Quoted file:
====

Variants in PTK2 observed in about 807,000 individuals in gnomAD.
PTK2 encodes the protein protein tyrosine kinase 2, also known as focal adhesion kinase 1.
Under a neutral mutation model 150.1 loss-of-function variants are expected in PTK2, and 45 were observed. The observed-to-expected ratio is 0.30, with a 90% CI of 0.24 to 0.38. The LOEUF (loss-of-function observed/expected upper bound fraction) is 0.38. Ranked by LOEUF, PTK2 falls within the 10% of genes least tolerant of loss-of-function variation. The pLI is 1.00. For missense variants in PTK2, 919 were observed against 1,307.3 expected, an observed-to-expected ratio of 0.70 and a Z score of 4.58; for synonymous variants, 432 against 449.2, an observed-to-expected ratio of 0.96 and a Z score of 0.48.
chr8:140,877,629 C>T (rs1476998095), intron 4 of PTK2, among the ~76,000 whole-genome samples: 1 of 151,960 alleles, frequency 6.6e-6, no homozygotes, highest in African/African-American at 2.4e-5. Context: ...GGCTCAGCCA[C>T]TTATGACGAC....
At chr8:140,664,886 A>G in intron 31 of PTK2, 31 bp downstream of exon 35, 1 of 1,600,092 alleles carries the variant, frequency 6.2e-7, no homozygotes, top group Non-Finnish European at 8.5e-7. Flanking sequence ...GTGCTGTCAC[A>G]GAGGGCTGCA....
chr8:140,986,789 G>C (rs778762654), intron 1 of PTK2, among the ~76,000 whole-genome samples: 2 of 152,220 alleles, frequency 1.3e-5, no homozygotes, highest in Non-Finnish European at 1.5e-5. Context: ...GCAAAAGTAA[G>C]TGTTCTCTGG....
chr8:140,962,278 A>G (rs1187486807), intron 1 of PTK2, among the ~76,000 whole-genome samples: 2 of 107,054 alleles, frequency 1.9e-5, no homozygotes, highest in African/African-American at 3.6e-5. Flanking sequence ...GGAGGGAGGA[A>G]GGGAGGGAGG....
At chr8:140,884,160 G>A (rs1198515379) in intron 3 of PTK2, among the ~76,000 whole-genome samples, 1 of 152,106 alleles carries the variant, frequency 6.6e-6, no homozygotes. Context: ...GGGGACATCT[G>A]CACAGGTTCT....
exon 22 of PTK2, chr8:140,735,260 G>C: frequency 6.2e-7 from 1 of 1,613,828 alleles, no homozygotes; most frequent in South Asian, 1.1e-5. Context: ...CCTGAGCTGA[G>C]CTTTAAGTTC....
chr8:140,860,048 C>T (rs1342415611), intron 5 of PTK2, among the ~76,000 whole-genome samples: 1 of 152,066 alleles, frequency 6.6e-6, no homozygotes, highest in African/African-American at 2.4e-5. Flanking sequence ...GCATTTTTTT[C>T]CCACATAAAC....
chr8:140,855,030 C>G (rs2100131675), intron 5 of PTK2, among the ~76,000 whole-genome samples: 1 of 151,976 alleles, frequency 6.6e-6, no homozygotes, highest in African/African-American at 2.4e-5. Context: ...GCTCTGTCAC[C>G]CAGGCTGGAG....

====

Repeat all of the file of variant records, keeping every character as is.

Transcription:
Variants in PTK2 observed in about 807,000 individuals in gnomAD.
PTK2 encodes the protein protein tyrosine kinase 2, also known as focal adhesion kinase 1.
Under a neutral mutation model 150.1 loss-of-function variants are expected in PTK2, and 45 were observed. The observed-to-expected ratio is 0.30, with a 90% CI of 0.24 to 0.38. The LOEUF (loss-of-function observed/expected upper bound fraction) is 0.38. Ranked by LOEUF, PTK2 falls within the 10% of genes least tolerant of loss-of-function variation. The pLI is 1.00. For missense variants in PTK2, 919 were observed against 1,307.3 expected, an observed-to-expected ratio of 0.70 and a Z score of 4.58; for synonymous variants, 432 against 449.2, an observed-to-expected ratio of 0.96 and a Z score of 0.48.
chr8:140,877,629 C>T (rs1476998095), intron 4 of PTK2, among the ~76,000 whole-genome samples: 1 of 151,960 alleles, frequency 6.6e-6, no homozygotes, highest in African/African-American at 2.4e-5. Context: ...GGCTCAGCCA[C>T]TTATGACGAC....
At chr8:140,664,886 A>G in intron 31 of PTK2, 31 bp downstream of exon 35, 1 of 1,600,092 alleles carries the variant, frequency 6.2e-7, no homozygotes, top group Non-Finnish European at 8.5e-7. Flanking sequence ...GTGCTGTCAC[A>G]GAGGGCTGCA....
chr8:140,986,789 G>C (rs778762654), intron 1 of PTK2, among the ~76,000 whole-genome samples: 2 of 152,220 alleles, frequency 1.3e-5, no homozygotes, highest in Non-Finnish European at 1.5e-5. Context: ...GCAAAAGTAA[G>C]TGTTCTCTGG....
chr8:140,962,278 A>G (rs1187486807), intron 1 of PTK2, among the ~76,000 whole-genome samples: 2 of 107,054 alleles, frequency 1.9e-5, no homozygotes, highest in African/African-American at 3.6e-5. Flanking sequence ...GGAGGGAGGA[A>G]GGGAGGGAGG....
At chr8:140,884,160 G>A (rs1198515379) in intron 3 of PTK2, among the ~76,000 whole-genome samples, 1 of 152,106 alleles carries the variant, frequency 6.6e-6, no homozygotes. Context: ...GGGGACATCT[G>A]CACAGGTTCT....
exon 22 of PTK2, chr8:140,735,260 G>C: frequency 6.2e-7 from 1 of 1,613,828 alleles, no homozygotes; most frequent in South Asian, 1.1e-5. Context: ...CCTGAGCTGA[G>C]CTTTAAGTTC....
chr8:140,860,048 C>T (rs1342415611), intron 5 of PTK2, among the ~76,000 whole-genome samples: 1 of 152,066 alleles, frequency 6.6e-6, no homozygotes, highest in African/African-American at 2.4e-5. Flanking sequence ...GCATTTTTTT[C>T]CCACATAAAC....
chr8:140,855,030 C>G (rs2100131675), intron 5 of PTK2, among the ~76,000 whole-genome samples: 1 of 151,976 alleles, frequency 6.6e-6, no homozygotes, highest in African/African-American at 2.4e-5. Context: ...GCTCTGTCAC[C>G]CAGGCTGGAG....